The bar looks just like the wrapper promises. It smells lightly sweet and peanutty. The bite on the bar is soft, not stiff. The nougat inside has an immediate peanut butter flavor to it with a little salt and a kind of molasses darkness.
The peanut butter layer around that gives a little extra peanutty zazz to it. The mockolate adds nothing. It gives no chocolatey contribution to the thing, no creamy component, no milky, buttery texture. It merely contains the other two elements, that are actually pretty good. The only good thing about the glaze is that it’s used sparingly ... it’s ultra thin. You could probably shine a light through it.
Yes, with a good coating of real chocolate (like a 3 Musketeers), this could have been a standout bar.
But I guess my real disappointment is that they’ve grabbed a play from the book of 3 Musketeers and are calling it “lower in fat” without mentioning on the front that it contains pretty much the same number of calories as any other candy bar. I’ve made a little list of the size, calories and caloric density of the leading bars, arranged with the least dense at the top. Pay careful attention to the number of calories though, even if it’s not dense, it’s certainly big:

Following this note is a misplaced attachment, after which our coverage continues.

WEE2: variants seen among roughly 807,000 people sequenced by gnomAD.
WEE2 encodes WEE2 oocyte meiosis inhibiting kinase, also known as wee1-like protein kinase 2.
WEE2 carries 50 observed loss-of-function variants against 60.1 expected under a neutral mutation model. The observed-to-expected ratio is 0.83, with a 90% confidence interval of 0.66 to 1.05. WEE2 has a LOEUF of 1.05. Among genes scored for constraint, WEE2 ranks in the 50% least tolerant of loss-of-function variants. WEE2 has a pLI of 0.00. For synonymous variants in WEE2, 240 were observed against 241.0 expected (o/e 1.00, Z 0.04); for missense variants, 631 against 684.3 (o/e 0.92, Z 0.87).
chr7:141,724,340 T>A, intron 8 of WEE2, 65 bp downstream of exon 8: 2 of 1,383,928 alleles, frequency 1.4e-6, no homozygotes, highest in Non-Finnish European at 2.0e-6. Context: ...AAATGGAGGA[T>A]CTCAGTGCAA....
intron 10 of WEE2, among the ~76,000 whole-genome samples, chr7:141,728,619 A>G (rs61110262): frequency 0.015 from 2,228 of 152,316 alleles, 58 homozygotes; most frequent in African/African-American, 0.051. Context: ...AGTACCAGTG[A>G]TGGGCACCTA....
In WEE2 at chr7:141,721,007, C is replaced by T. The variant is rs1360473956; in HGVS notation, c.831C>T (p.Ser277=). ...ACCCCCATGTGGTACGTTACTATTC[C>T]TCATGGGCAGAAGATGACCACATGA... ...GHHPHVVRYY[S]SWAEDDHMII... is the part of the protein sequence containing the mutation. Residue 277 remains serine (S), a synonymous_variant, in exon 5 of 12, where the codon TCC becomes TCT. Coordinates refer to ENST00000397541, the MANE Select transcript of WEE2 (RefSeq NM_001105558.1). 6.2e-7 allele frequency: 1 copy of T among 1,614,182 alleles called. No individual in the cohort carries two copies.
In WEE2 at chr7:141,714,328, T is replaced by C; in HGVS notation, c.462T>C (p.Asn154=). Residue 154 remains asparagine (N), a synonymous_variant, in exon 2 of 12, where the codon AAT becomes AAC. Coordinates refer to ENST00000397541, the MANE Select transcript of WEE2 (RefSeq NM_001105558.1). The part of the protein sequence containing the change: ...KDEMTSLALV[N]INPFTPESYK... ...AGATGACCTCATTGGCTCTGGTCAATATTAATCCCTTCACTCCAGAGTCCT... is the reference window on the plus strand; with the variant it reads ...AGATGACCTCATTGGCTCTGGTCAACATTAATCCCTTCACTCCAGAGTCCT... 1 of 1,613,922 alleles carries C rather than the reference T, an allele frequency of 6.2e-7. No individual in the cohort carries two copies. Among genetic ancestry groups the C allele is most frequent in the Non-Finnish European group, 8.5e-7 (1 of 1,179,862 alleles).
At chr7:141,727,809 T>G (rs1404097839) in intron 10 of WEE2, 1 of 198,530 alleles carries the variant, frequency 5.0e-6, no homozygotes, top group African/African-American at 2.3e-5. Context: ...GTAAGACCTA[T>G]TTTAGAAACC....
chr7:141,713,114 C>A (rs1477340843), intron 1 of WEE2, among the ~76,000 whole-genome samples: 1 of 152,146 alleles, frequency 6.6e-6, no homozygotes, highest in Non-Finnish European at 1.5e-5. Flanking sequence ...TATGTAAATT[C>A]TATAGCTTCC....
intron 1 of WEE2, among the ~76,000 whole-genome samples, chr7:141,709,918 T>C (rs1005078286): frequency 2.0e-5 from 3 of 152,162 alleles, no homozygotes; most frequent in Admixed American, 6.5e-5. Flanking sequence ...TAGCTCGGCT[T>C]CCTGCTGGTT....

Candy Bar…..............size in grams….calories/cals per gram
It’s pretty clear that the York Peppermint Pattie is the candy to have if you want straight carbs (no fat, no protein). 3 Musketeers does pretty well as does the Whipps, but remember, if there’s no fat and no protein it’s all sugars. While I find sugar to be wonderful, straight sugar doesn’t really provide much long-lasting satisfaction if you’re looking for a snack that’s a treat.
That chart means nothing if you don’t actually like the candy bar though. And this bar proves that Hershey’s does not need the FDA to change the definition of chocolate, they’re free to make a substandard product and try to sell it to us. Yeah, I’m probably been pretty harsh, but this could have been a really good bar.
Shopping Jen found these at WalMart already and has a review posted here. I also saw these this weekend at Walgreen’s (at two for a dollar!), so they’re in the wild now.
Thursday, September 20, 2007